Setting up a new retirement plan? Before you get started, you better make sure that you understand a few key details. The first step is comparing two unique plan structures: Defined Benefit Plan vs Defined Contribution Plan.
Simply put, a defined benefit plan establishes the benefit that is paid out in the future, while a defined contribution plan establishes the amount that can be contributed to the plan and does not address any future amount. But let’s take a look at the specifics.
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How Does a Defined Benefit Plan Compare to a Defined Contribution Plan?
The main difference is what each of the plans promise to employees. A defined benefit plan specifies how much monthly retirement income employees receive upon retirement. However, a defined contribution plan simply specifies what the employee and employer contributes to a designated employee’s retirement account.
The core of the difference between defined benefit and defined contribution plans lies in who gets affected by the plan’s rate of return. In a defined contribution plan, a participant receives whatever balance is in his account based on the rate of return in the plan.
In a defined benefit plan, the plan sponsor is taking responsibility for any fluctuations in the market. The participant must receive a fixed amount and, if the plan’s investments do not earn a rate of return to guarantee that benefit, then the sponsor must contribute enough to make up the difference.
Because of the nature of the defined benefit plan, the costs are significantly higher for older employees than younger employees. Assuming retirement at age 60, the plan sponsor has 35 years to “fund up” the benefit for a 25-year-old but only 5 years for a 55-year-old. Therefore, a defined benefit plan can offer significant advantages for an older employer with younger employees as illustrated below.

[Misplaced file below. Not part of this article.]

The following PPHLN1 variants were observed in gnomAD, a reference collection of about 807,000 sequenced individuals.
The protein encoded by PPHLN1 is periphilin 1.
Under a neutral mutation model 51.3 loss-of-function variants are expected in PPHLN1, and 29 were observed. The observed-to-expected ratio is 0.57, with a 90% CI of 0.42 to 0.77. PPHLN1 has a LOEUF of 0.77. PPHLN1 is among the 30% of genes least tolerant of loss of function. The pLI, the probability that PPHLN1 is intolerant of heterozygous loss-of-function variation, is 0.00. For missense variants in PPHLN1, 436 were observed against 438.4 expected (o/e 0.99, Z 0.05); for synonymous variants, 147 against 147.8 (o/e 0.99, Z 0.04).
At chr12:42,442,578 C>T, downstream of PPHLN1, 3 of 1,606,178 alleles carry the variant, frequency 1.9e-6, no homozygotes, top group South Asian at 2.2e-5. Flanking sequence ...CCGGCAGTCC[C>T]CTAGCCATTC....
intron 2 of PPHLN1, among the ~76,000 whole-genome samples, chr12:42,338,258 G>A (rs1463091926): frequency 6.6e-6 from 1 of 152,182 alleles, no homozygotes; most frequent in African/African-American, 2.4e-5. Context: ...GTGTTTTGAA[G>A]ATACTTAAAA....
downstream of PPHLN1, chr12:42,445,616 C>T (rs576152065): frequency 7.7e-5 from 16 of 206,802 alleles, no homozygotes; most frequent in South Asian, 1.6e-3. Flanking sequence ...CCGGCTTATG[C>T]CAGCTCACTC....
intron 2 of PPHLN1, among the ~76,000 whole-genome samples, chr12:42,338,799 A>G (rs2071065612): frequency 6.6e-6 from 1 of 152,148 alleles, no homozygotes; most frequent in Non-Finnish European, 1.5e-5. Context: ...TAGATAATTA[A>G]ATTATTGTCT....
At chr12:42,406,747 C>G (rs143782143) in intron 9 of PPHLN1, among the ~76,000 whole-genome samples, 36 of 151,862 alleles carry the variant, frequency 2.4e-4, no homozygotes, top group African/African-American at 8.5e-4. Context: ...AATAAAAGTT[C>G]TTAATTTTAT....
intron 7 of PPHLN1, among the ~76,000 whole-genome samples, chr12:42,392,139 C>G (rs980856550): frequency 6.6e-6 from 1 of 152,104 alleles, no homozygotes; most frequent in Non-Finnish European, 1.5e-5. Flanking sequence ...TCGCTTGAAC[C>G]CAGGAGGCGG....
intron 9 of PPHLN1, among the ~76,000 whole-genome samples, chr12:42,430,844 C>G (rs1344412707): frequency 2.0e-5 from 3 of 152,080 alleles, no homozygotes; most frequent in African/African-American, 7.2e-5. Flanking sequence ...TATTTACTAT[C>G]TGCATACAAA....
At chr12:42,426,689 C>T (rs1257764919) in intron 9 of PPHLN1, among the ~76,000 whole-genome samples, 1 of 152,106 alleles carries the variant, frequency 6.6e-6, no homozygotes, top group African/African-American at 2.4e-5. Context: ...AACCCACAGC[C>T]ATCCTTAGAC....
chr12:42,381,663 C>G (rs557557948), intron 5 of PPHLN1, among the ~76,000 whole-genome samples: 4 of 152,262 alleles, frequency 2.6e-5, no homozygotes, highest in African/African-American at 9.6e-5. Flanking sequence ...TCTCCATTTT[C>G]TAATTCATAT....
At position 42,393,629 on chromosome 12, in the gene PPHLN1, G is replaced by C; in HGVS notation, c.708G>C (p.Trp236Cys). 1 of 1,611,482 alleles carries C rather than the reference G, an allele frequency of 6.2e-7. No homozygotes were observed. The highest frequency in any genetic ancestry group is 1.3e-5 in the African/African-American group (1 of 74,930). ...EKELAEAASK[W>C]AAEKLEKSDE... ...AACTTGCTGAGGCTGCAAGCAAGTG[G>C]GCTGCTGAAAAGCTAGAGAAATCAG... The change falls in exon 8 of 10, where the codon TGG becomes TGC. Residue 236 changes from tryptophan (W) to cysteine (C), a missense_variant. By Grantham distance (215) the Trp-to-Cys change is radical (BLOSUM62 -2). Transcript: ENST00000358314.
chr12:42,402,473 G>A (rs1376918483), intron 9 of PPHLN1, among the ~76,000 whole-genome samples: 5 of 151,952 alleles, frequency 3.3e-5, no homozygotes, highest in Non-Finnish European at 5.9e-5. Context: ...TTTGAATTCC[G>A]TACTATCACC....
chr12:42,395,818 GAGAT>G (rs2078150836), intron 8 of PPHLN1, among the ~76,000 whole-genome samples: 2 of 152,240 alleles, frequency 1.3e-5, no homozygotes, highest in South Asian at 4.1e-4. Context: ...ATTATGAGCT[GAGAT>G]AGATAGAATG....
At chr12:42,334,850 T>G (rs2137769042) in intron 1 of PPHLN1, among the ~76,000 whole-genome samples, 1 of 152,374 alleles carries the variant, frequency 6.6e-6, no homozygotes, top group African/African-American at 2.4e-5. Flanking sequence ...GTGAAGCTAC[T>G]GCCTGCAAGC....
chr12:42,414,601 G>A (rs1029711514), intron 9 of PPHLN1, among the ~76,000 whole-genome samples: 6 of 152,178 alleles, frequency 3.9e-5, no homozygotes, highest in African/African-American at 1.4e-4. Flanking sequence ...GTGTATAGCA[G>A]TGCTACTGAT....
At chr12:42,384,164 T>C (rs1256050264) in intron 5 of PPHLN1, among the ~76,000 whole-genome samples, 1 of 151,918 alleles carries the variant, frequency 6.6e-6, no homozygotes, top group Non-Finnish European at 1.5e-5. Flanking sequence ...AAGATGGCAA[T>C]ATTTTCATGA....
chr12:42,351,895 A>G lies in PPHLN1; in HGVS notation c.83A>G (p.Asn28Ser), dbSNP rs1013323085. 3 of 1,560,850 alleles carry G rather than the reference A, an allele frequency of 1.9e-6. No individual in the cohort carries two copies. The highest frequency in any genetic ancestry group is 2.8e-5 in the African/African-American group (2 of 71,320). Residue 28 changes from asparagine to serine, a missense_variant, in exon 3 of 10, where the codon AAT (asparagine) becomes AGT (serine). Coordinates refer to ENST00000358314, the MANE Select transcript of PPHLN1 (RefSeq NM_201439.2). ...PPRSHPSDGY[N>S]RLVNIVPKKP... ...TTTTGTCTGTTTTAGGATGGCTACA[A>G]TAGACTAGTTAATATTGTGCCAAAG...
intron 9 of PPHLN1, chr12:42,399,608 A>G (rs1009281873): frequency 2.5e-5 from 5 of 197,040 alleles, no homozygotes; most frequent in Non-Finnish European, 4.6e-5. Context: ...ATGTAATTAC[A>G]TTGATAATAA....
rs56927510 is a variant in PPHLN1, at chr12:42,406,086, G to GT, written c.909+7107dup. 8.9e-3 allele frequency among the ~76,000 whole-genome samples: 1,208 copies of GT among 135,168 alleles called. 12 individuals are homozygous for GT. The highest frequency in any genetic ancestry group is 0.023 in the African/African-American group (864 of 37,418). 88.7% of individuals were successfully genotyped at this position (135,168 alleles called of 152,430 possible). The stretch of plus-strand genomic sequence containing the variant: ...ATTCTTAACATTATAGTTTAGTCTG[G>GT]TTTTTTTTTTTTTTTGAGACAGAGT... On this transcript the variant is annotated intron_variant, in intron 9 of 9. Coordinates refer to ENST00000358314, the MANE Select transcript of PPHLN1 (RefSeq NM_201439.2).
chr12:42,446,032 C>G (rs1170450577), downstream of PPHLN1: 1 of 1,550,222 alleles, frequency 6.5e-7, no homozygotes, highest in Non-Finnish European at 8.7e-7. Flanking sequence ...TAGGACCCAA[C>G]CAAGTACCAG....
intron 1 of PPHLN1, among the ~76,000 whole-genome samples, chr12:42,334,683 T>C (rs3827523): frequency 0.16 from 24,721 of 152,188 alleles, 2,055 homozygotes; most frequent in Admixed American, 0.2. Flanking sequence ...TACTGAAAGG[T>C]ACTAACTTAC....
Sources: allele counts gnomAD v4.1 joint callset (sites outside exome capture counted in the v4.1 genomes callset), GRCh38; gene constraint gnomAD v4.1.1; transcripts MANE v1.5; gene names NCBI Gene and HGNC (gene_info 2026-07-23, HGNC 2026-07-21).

Difference Between Defined Benefit Plan and Defined Contribution Plan
A corporation has two non-key employees and two owners. The non-key employees each earn $30,000 and are ages 25 and 35 on the first day of the plan year. The owners each earn in excess of $200,000 and are ages 55 and 65.
Retirement age is defined as the later of age 60 or five years of plan participation. The contributions under a defined benefit plan as contrasted to a 20% of pay defined contribution plan are illustrated below:
The defined benefit plan offers a higher percentage to the self employed owner, and the dollar amount available for the owner is significantly higher. However, one of the disadvantages of defined benefit plans is the increased costs for older employees. If this corporation had a 45- or 55-year-old employee earning $30,000, the respective costs would be $14,895 and $38,186.
Next we look at the amounts accumulated in five years for the example above. This would be the date that the owners reach normal retirement age under the plan. For the defined contribution plan we assumed a 6% average rate of return over all years.
A defined benefit plan must meet more complex regulatory restrictions and administrative procedures. An actuary is required to certify the annual costs and calculate the annual valuation of benefits for employees. Administrative fees are generally higher due to these factors. But make sure that you get a quote from a defined benefit plan TPA.
Defined benefit plans must pay a premium and report funding levels annually to the Pension Benefit Guaranty Corporation (PBGC). The PBGC is a federal entity that insures benefits in most defined benefit plans. Generally, plans that only cover owners and plans sponsored by professional organizations that employ less than 25 individuals are exempt from PBGC coverage.
The PBGC will pay benefits to participants if the funds are insufficient to do so and the plan sponsor is unable to contribute enough to make up the difference. The PBGC then goes after the plan sponsor to pay back the difference.
Any other differences?
One of the most notable benefits is the contribution limit that comes with a cash balance plan. Having a cash balance plan can allow for a larger contribution amount, allowing people to save more as the approach retirement.
Increased benefit and compensation limits included in the Economic Growth and Tax Relief Reconciliation Act (“EGTRRA”) as well as the downturn in investment markets have refocused attention on defined benefit plans as alternatives to defined contribution plans.
Defined Benefit Plan vs Defined Contribution Plan